UK chancellor of the exchequer Rishi Sunak. Picture: REUTERS/JOHN SIBLEY
UK chancellor of the exchequer Rishi Sunak. Picture: REUTERS/JOHN SIBLEY

London — Struggling small businesses across England have so far missed out on £1.4bn ($1.94bn) of aid promised by the government due to delays in processing claims, an events industry trade association says.

Finance minister Rishi Sunak announced on October 31 that businesses in England that could not operate normally due to Covid-19 would be eligible to receive up to £3,000 a month to help support fixed costs such as rent.

Each of the more than 300 local authorities in England is free to set its own precise eligibility criteria for the £1.6bn of funding on offer.

The Events Industry Alliance, a trade body the members of which hoped to benefit from the funding, said most local councils have only paid a fraction of the money available so far.

About 31 councils replied to freedom of information requests sent by the group, and on average they reported paying businesses just 12% of the funds allocated by the government.

If these councils are typical, then £1.4bn of government help has not yet been paid out, the Events Industry Alliance said.

Businesses in the events industry, especially suppliers, reported either a lack of response from councils or disputes over their eligibility.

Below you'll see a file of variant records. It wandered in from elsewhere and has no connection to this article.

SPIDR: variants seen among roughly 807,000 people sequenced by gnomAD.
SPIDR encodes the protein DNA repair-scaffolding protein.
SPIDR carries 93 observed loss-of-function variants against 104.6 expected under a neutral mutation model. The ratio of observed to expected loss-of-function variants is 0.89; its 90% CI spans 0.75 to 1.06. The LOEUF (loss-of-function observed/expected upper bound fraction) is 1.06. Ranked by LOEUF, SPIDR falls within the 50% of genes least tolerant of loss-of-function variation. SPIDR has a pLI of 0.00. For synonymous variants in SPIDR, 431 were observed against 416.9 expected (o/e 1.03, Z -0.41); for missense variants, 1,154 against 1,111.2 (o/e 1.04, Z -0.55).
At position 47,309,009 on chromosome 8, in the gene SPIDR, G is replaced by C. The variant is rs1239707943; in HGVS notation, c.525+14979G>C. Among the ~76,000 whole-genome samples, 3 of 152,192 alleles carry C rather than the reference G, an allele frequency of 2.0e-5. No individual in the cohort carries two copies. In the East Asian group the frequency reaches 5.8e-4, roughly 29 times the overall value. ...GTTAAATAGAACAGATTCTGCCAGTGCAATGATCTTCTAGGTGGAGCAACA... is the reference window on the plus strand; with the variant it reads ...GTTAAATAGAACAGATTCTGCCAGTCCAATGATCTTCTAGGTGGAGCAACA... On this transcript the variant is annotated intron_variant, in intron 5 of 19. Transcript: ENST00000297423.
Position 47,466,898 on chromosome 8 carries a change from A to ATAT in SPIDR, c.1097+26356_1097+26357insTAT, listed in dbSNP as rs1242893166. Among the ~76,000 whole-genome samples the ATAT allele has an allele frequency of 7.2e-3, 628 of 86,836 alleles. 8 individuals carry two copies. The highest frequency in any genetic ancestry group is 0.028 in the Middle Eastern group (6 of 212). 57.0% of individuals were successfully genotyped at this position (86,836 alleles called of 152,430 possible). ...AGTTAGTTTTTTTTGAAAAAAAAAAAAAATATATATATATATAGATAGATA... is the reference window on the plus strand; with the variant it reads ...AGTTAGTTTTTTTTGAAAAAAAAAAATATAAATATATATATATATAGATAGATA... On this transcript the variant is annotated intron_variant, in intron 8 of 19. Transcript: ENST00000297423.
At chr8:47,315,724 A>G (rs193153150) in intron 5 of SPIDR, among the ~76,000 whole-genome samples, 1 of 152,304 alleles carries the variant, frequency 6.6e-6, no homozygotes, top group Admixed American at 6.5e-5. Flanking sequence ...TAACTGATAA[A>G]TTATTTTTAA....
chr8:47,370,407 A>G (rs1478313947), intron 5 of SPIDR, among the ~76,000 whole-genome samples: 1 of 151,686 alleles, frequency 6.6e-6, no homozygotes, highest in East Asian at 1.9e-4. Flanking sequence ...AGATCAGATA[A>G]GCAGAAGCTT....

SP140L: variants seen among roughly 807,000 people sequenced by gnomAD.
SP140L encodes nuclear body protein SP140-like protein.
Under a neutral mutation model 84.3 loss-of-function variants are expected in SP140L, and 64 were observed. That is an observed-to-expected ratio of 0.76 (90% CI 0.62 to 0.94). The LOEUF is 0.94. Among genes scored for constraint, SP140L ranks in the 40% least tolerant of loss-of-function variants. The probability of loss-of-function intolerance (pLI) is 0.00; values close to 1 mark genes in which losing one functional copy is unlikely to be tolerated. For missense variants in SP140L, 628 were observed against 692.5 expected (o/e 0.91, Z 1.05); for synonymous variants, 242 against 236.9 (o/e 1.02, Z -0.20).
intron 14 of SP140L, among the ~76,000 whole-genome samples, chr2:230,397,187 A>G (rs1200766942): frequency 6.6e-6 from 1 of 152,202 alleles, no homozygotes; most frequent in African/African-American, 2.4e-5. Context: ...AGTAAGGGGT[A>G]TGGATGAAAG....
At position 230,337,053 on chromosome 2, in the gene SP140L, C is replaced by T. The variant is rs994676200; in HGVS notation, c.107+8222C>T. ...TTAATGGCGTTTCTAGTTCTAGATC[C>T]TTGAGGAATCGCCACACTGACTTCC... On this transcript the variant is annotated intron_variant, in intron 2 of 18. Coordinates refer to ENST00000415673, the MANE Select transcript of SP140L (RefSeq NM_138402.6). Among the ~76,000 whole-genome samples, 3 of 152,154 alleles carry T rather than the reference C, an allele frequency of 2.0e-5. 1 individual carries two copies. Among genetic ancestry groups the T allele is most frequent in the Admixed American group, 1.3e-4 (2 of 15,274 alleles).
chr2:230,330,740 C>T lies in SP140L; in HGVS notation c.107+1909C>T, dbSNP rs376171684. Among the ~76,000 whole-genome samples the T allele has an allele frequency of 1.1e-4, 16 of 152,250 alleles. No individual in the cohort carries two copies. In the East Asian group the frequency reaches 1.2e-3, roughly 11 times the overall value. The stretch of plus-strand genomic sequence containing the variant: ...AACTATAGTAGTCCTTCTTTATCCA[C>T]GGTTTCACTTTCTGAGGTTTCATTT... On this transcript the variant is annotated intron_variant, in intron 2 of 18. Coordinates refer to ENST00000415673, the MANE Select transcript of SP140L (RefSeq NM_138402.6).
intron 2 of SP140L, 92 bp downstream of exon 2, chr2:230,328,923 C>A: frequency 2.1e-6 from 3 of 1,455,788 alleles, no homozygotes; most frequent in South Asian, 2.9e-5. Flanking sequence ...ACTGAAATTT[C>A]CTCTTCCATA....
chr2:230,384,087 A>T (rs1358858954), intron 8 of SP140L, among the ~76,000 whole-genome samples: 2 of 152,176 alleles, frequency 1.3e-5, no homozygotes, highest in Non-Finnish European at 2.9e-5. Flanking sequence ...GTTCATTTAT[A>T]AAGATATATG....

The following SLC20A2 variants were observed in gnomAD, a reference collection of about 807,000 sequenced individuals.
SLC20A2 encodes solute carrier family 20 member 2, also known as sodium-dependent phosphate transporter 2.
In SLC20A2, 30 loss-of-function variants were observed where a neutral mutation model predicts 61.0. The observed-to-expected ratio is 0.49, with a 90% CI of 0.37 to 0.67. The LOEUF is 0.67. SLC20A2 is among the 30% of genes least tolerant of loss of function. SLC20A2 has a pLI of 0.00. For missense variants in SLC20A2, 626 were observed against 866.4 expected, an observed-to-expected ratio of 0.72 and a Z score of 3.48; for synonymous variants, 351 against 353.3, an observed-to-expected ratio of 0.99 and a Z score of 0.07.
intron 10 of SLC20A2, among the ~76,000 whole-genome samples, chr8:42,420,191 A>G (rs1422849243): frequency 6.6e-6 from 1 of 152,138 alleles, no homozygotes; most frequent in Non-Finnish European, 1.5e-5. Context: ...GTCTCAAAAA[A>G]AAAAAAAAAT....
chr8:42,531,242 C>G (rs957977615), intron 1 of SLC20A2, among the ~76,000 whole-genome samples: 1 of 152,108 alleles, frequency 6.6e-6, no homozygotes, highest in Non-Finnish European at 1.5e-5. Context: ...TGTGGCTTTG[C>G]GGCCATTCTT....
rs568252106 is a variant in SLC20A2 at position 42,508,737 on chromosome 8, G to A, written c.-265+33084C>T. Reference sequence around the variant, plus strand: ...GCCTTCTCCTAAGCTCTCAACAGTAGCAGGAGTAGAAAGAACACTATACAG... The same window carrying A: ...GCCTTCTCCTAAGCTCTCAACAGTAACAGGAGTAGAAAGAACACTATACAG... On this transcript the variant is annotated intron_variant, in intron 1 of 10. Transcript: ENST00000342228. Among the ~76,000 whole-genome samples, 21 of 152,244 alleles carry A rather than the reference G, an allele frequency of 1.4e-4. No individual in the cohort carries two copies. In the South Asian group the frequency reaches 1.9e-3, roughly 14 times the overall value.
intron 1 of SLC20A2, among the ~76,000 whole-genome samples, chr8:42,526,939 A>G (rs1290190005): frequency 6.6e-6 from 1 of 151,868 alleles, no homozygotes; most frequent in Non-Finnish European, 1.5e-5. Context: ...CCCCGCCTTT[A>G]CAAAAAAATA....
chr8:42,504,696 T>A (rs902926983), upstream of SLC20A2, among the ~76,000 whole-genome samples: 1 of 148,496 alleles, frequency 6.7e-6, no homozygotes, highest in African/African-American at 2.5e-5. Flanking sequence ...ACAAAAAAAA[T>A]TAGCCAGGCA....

“A source of constant frustration is the running battle we have to endure with our local council to receive the additional support that we are due,” said Chris Stewart, MD of an exhibition stand business, Smart Display.

Local officials have ignored repeated requests for a £2,000 monthly grant, Stewart said.

A spokesperson for the Local Government Association said councils have disbursed almost £12bn of aid to small firms since the start of the pandemic under various programmes.

“Councils are working fast to ensure businesses eligible for this funding are able to receive it quickly as possible,” the spokesperson said.

As a minimum, local authorities need to ensure businesses are solvent and properly registered before paying the grants.

Reuters

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